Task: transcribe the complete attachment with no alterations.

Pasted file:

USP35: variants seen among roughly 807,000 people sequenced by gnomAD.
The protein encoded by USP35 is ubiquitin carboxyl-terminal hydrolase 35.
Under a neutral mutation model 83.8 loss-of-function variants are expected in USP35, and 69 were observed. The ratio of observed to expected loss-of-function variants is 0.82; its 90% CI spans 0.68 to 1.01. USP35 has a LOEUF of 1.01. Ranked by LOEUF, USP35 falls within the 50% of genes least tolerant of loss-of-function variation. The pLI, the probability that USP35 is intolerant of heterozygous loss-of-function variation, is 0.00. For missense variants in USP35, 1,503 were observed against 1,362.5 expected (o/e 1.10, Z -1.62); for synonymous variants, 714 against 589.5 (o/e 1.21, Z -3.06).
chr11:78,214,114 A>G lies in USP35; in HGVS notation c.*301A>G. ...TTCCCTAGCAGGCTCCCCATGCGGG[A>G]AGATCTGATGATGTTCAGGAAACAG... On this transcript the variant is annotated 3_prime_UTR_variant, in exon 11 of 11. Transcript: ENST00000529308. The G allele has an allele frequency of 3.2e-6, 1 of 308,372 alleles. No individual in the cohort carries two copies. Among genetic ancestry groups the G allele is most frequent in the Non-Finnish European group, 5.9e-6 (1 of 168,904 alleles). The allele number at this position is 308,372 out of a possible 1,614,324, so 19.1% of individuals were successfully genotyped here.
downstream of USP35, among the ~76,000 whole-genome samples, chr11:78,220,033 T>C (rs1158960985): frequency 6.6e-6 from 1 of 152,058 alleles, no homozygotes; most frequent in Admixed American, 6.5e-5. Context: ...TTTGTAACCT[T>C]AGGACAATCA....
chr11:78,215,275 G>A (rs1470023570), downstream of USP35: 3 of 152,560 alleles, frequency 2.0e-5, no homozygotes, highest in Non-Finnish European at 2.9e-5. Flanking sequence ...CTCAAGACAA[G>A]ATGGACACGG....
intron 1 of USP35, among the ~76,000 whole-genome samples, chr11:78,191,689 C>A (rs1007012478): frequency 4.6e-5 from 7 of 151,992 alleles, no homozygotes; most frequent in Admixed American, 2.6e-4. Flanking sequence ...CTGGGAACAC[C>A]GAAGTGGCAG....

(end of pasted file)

USP35: variants seen among roughly 807,000 people sequenced by gnomAD.
The protein encoded by USP35 is ubiquitin carboxyl-terminal hydrolase 35.
Under a neutral mutation model 83.8 loss-of-function variants are expected in USP35, and 69 were observed. The ratio of observed to expected loss-of-function variants is 0.82; its 90% CI spans 0.68 to 1.01. USP35 has a LOEUF of 1.01. Ranked by LOEUF, USP35 falls within the 50% of genes least tolerant of loss-of-function variation. The pLI, the probability that USP35 is intolerant of heterozygous loss-of-function variation, is 0.00. For missense variants in USP35, 1,503 were observed against 1,362.5 expected (o/e 1.10, Z -1.62); for synonymous variants, 714 against 589.5 (o/e 1.21, Z -3.06).
chr11:78,214,114 A>G lies in USP35; in HGVS notation c.*301A>G. ...TTCCCTAGCAGGCTCCCCATGCGGG[A>G]AGATCTGATGATGTTCAGGAAACAG... On this transcript the variant is annotated 3_prime_UTR_variant, in exon 11 of 11. Transcript: ENST00000529308. The G allele has an allele frequency of 3.2e-6, 1 of 308,372 alleles. No individual in the cohort carries two copies. Among genetic ancestry groups the G allele is most frequent in the Non-Finnish European group, 5.9e-6 (1 of 168,904 alleles). The allele number at this position is 308,372 out of a possible 1,614,324, so 19.1% of individuals were successfully genotyped here.
downstream of USP35, among the ~76,000 whole-genome samples, chr11:78,220,033 T>C (rs1158960985): frequency 6.6e-6 from 1 of 152,058 alleles, no homozygotes; most frequent in Admixed American, 6.5e-5. Context: ...TTTGTAACCT[T>C]AGGACAATCA....
chr11:78,215,275 G>A (rs1470023570), downstream of USP35: 3 of 152,560 alleles, frequency 2.0e-5, no homozygotes, highest in Non-Finnish European at 2.9e-5. Flanking sequence ...CTCAAGACAA[G>A]ATGGACACGG....
intron 1 of USP35, among the ~76,000 whole-genome samples, chr11:78,191,689 C>A (rs1007012478): frequency 4.6e-5 from 7 of 151,992 alleles, no homozygotes; most frequent in Admixed American, 2.6e-4. Flanking sequence ...CTGGGAACAC[C>A]GAAGTGGCAG....